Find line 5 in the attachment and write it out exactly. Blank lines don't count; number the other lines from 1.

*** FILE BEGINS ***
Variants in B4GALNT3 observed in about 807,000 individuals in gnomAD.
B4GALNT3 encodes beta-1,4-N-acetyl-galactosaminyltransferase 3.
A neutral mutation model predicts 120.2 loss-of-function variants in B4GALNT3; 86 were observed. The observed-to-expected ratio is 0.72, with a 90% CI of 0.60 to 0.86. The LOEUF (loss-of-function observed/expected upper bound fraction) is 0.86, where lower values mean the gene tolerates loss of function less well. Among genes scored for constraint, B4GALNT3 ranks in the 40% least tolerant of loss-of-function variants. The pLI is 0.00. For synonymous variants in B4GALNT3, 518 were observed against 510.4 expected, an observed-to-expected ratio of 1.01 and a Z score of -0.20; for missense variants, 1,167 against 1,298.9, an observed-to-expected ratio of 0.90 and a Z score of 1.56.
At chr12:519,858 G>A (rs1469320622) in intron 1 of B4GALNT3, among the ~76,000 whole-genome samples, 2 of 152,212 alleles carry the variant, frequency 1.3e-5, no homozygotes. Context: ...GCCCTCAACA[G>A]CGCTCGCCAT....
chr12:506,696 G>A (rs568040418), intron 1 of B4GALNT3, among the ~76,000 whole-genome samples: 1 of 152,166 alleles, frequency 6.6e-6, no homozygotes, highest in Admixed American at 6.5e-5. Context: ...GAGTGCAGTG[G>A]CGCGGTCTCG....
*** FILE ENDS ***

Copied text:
chr12:506,696 G>A (rs568040418), intron 1 of B4GALNT3, among the ~76,000 whole-genome samples: 1 of 152,166 alleles, frequency 6.6e-6, no homozygotes, highest in Admixed American at 6.5e-5. Context: ...GAGTGCAGTG[G>A]CGCGGTCTCG....